Apple is poised to join in the bid for Toshiba's semiconductor unit, according to reports by NHK on Friday (April 14).
The American firm is supposedly collaborating with its supplier Foxconn and is "willing to spend billions of dollars" in order to acquire a "substantial stake" with Toshiba in the Japanese firm's semiconductor business.
Toshiba's semi-conductor unit is currently the world's second largest flash memory chip manufacturer. The chips are utilised in a diverse array of consumer electronics, including smart phones, tablets, automotive parts, and home appliances.
Apple has proposed to own a joint stake with Toshiba in order to placate the Japanese government's apprehension in Toshiba's sale of sensitive technologies to overseas bidders.
Toshiba has reportedly narrowed down the list of bidders to Western Digital, Foxconn, Hynix, and a joint bid between US chip maker Broadcom and private equity firm Silver Lake Partners.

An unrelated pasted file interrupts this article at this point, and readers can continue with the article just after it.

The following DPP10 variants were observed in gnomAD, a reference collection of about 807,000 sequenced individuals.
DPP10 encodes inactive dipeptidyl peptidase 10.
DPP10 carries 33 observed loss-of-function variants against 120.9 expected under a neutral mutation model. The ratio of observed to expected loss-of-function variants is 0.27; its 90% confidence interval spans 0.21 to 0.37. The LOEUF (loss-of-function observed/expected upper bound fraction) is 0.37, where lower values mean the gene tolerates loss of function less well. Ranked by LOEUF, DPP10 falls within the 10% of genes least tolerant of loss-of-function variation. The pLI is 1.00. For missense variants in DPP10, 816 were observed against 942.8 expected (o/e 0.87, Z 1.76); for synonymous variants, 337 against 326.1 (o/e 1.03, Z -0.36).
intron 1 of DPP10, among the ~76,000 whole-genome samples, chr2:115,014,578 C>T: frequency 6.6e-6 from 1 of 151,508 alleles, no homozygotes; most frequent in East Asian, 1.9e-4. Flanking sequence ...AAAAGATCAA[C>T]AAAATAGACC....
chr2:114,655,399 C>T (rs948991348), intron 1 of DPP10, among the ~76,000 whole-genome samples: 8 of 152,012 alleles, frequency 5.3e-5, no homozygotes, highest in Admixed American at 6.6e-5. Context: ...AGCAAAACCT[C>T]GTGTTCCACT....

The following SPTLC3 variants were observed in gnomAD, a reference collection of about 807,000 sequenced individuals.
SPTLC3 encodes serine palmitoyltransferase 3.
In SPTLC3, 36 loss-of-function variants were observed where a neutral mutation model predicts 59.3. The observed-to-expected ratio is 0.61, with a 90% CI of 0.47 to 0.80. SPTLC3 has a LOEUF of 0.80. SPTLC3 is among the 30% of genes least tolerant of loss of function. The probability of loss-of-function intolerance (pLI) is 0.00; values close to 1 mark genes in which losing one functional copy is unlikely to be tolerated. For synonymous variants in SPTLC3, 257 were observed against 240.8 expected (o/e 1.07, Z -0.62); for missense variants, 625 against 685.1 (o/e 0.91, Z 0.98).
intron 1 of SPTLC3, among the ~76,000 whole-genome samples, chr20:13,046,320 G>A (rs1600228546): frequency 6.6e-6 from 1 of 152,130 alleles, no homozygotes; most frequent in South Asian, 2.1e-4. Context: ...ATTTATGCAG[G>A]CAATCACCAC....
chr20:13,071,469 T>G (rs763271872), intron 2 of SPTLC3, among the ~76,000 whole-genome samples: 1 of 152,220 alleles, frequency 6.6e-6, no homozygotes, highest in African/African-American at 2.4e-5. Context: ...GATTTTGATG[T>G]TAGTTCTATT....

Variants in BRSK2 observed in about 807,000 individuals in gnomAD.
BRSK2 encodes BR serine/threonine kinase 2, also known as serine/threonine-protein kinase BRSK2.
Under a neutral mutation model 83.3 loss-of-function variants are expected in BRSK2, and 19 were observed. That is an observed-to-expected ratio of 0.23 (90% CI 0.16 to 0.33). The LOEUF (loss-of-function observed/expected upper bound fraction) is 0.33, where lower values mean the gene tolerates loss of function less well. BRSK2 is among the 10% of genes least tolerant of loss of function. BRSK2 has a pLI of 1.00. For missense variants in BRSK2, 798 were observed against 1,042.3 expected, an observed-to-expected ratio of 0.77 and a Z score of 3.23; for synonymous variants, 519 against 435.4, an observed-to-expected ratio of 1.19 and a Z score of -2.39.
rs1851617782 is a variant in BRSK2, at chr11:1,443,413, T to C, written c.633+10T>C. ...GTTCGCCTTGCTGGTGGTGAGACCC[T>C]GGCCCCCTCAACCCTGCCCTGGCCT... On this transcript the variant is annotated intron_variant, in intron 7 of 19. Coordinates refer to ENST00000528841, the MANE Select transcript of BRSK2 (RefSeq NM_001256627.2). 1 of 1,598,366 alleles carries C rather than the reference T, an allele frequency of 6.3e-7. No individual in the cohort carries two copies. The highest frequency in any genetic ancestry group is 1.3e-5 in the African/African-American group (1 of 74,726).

California-based Western Digital, currently Toshiba's partner in the memory chip unit, is accusing the Japanese firm of violating their joint venture contract with the proposed sale. It is also demanding exclusive negotiating rights.
Apple's move to join the bidding pool may be an attempt to more aggressively compete with Samsung in the smart phone markets.
The South Korean firm, which produces its own semiconductors, dominated the world's market share of smart phones after capturing 26.1% of the market in the first quarter of 2017. Apple and Huawei followed behind with market shares of 16.9% and 11.4% respectively.
Apple's strategic pattern may suggest that the firm is attempting to manufacture its own memory chips for future devices.
Apple recently announced it will end its contract with UK-based Imagination Technologies for the supply of graphics processing units (GPU). Apple owns 8% of the company's shares and is now said to be looking into producing its own GPUs.